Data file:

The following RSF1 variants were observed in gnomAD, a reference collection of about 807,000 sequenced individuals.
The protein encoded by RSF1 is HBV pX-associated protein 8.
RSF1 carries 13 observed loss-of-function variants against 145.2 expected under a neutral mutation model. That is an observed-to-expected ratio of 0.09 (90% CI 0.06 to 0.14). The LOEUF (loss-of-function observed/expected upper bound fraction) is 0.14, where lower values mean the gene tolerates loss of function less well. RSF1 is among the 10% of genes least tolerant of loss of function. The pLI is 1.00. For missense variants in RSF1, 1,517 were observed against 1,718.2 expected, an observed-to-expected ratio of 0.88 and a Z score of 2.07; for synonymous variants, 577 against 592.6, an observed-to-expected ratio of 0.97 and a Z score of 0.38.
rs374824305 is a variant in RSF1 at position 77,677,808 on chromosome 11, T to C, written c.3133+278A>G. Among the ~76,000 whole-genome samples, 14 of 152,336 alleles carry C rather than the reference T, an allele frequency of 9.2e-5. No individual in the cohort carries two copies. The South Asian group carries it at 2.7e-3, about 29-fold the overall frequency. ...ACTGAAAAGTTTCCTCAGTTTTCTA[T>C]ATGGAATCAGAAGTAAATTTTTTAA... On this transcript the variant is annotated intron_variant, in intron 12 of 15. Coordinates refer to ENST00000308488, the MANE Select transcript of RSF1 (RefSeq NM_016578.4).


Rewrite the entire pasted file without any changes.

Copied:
The following RSF1 variants were observed in gnomAD, a reference collection of about 807,000 sequenced individuals.
The protein encoded by RSF1 is HBV pX-associated protein 8.
RSF1 carries 13 observed loss-of-function variants against 145.2 expected under a neutral mutation model. That is an observed-to-expected ratio of 0.09 (90% CI 0.06 to 0.14). The LOEUF (loss-of-function observed/expected upper bound fraction) is 0.14, where lower values mean the gene tolerates loss of function less well. RSF1 is among the 10% of genes least tolerant of loss of function. The pLI is 1.00. For missense variants in RSF1, 1,517 were observed against 1,718.2 expected, an observed-to-expected ratio of 0.88 and a Z score of 2.07; for synonymous variants, 577 against 592.6, an observed-to-expected ratio of 0.97 and a Z score of 0.38.
rs374824305 is a variant in RSF1 at position 77,677,808 on chromosome 11, T to C, written c.3133+278A>G. Among the ~76,000 whole-genome samples, 14 of 152,336 alleles carry C rather than the reference T, an allele frequency of 9.2e-5. No individual in the cohort carries two copies. The South Asian group carries it at 2.7e-3, about 29-fold the overall frequency. ...ACTGAAAAGTTTCCTCAGTTTTCTA[T>C]ATGGAATCAGAAGTAAATTTTTTAA... On this transcript the variant is annotated intron_variant, in intron 12 of 15. Coordinates refer to ENST00000308488, the MANE Select transcript of RSF1 (RefSeq NM_016578.4).